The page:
By Wambui Ngugi
For correspondence: firstname.lastname@example.org
Female washrooms are like magazines. All sorts of conversations happen there. From mundane conversations such as how the morning coffee tasted different to the extremes of how sexually satisfying the previous night was.
On one recent in-between-class rush to the washroom, I overheard an interesting conversation. One feminine low-toned voice explained how she was taking a second, different set of medicine, because what she had picked from her one-night stand “just a rebound guy” wasn’t going away. Sounding disgusted and desperate, she further defined her vaginal discharge as so smelly that she had to find a stronger deodorant. “…the itch is like the cherry on it all. A reminder of my sins, a punishment to my sodden soul. Now it even feels like it’s crawling into my rectum, especially when the classes get boring.”
I felt for her. No woman should have to feel like this.
Her friend chipped in sympathetically, advising her “start douching your vagina and rectum with lemon water and garlic to help with the smell.” I wanted to scream. Douch! Who uses such ‘grandma’ methods, especially when this sounded to me like an antimicrobial-resistant sexually transmitted infection (STI)?
STIs are infections spread through sexual contact: oral, vaginal, or anal (WHO, Sexually Transmitted Infections 2020). While both men and women are affected by STIs, a woman with the infection can pass it on to her fetus during pregnancy or the birthing process. The WHO estimates that more than 1 million STIs are acquired every day (, WHO 2021).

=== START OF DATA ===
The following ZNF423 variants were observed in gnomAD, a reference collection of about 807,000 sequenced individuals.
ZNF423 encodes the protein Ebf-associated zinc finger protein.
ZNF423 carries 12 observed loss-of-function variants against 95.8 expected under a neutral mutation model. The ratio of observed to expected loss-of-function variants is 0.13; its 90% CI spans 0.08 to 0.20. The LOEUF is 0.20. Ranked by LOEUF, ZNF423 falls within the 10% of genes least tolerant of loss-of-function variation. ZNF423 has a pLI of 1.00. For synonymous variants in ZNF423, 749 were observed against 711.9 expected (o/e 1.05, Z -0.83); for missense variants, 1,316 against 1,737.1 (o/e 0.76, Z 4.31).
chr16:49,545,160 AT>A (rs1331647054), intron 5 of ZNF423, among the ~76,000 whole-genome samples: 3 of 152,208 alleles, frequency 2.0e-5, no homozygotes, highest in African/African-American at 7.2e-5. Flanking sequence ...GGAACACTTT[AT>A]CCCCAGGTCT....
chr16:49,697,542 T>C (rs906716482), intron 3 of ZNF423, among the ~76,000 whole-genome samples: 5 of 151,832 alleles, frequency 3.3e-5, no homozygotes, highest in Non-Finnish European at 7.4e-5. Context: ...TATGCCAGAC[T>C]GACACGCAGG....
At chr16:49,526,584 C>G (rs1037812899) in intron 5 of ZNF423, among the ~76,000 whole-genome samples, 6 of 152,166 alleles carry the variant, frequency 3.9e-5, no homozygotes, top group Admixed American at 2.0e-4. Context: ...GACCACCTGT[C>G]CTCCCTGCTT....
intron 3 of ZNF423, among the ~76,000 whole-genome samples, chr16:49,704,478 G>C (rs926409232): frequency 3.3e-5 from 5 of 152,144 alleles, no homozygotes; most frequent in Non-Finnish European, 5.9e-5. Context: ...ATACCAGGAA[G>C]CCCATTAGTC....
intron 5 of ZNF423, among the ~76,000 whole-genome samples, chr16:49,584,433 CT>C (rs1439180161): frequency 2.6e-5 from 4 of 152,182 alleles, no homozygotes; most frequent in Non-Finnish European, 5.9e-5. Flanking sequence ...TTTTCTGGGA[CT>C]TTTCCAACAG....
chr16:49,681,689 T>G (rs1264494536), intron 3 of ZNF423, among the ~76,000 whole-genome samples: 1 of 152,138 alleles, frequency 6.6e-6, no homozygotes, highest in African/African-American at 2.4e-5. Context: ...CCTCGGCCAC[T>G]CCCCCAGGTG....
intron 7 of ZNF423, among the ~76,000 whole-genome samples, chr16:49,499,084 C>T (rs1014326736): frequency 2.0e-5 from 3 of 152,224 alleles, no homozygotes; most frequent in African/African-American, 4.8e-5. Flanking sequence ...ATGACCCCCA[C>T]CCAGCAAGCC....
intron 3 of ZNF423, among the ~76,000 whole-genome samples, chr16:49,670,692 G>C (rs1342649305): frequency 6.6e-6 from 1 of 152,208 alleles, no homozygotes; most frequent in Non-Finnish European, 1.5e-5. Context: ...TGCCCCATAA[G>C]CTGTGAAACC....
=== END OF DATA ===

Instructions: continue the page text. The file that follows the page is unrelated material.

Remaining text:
Antimicrobial resistance is when microscopic, disease-causing organisms—like those that cause STIs—no longer respond to the medicines designed to stop them. When STIs are antimicrobial resistant, they become difficult to cure. The WHO has referred to gonorrhoea, syphilis, chlamydia, and trichomoniasis as curable STIs, meaning that with proper treatment they are eliminated from the body (WHO, Sexually Transmitted Infections 2020). Over time though, the world of medicine has watched these infections evolve through various treatments. For example, gonorrhoea has slowly developed resistance to treatment by fluoroquinolone antibiotics, and presently, there is an emerging resistance to cephalosporin drugs, which are the currently recommended antibiotic treatment (CDC 2022). Resistance is also happening with the other STIs, not just gonorrhoea.